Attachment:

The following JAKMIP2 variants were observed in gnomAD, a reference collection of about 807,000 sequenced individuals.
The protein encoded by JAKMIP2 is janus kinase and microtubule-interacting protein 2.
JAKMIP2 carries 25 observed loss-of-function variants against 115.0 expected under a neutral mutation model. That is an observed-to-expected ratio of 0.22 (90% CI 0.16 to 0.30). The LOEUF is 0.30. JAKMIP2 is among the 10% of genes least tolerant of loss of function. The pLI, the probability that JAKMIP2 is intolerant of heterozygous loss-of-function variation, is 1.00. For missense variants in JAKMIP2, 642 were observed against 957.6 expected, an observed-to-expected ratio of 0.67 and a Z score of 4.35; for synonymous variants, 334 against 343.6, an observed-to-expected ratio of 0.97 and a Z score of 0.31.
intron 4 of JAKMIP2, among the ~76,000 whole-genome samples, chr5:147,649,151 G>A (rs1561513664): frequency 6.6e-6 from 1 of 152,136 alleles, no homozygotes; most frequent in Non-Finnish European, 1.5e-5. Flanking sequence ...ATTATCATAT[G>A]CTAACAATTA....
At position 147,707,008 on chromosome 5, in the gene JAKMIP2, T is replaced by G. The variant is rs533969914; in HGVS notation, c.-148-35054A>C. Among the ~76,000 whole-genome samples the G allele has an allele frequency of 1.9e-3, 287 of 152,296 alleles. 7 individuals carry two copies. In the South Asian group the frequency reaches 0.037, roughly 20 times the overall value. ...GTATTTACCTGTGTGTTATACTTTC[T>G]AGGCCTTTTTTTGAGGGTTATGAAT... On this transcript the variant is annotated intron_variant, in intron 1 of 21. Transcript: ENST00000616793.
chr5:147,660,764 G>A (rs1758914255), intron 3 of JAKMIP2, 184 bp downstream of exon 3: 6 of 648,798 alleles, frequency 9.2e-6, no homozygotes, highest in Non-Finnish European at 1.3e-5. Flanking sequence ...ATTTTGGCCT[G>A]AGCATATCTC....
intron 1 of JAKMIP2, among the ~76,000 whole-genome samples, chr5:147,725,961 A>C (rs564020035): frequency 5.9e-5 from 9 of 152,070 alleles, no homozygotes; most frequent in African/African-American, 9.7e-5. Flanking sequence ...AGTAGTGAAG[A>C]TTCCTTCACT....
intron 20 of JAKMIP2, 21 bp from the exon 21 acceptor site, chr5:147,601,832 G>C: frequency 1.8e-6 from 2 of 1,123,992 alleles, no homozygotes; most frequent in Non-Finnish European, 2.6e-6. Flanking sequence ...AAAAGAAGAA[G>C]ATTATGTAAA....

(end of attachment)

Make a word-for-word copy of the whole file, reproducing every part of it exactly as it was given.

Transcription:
The following JAKMIP2 variants were observed in gnomAD, a reference collection of about 807,000 sequenced individuals.
The protein encoded by JAKMIP2 is janus kinase and microtubule-interacting protein 2.
JAKMIP2 carries 25 observed loss-of-function variants against 115.0 expected under a neutral mutation model. That is an observed-to-expected ratio of 0.22 (90% CI 0.16 to 0.30). The LOEUF is 0.30. JAKMIP2 is among the 10% of genes least tolerant of loss of function. The pLI, the probability that JAKMIP2 is intolerant of heterozygous loss-of-function variation, is 1.00. For missense variants in JAKMIP2, 642 were observed against 957.6 expected, an observed-to-expected ratio of 0.67 and a Z score of 4.35; for synonymous variants, 334 against 343.6, an observed-to-expected ratio of 0.97 and a Z score of 0.31.
intron 4 of JAKMIP2, among the ~76,000 whole-genome samples, chr5:147,649,151 G>A (rs1561513664): frequency 6.6e-6 from 1 of 152,136 alleles, no homozygotes; most frequent in Non-Finnish European, 1.5e-5. Flanking sequence ...ATTATCATAT[G>A]CTAACAATTA....
At position 147,707,008 on chromosome 5, in the gene JAKMIP2, T is replaced by G. The variant is rs533969914; in HGVS notation, c.-148-35054A>C. Among the ~76,000 whole-genome samples the G allele has an allele frequency of 1.9e-3, 287 of 152,296 alleles. 7 individuals carry two copies. In the South Asian group the frequency reaches 0.037, roughly 20 times the overall value. ...GTATTTACCTGTGTGTTATACTTTC[T>G]AGGCCTTTTTTTGAGGGTTATGAAT... On this transcript the variant is annotated intron_variant, in intron 1 of 21. Transcript: ENST00000616793.
chr5:147,660,764 G>A (rs1758914255), intron 3 of JAKMIP2, 184 bp downstream of exon 3: 6 of 648,798 alleles, frequency 9.2e-6, no homozygotes, highest in Non-Finnish European at 1.3e-5. Flanking sequence ...ATTTTGGCCT[G>A]AGCATATCTC....
intron 1 of JAKMIP2, among the ~76,000 whole-genome samples, chr5:147,725,961 A>C (rs564020035): frequency 5.9e-5 from 9 of 152,070 alleles, no homozygotes; most frequent in African/African-American, 9.7e-5. Flanking sequence ...AGTAGTGAAG[A>C]TTCCTTCACT....
intron 20 of JAKMIP2, 21 bp from the exon 21 acceptor site, chr5:147,601,832 G>C: frequency 1.8e-6 from 2 of 1,123,992 alleles, no homozygotes; most frequent in Non-Finnish European, 2.6e-6. Flanking sequence ...AAAAGAAGAA[G>C]ATTATGTAAA....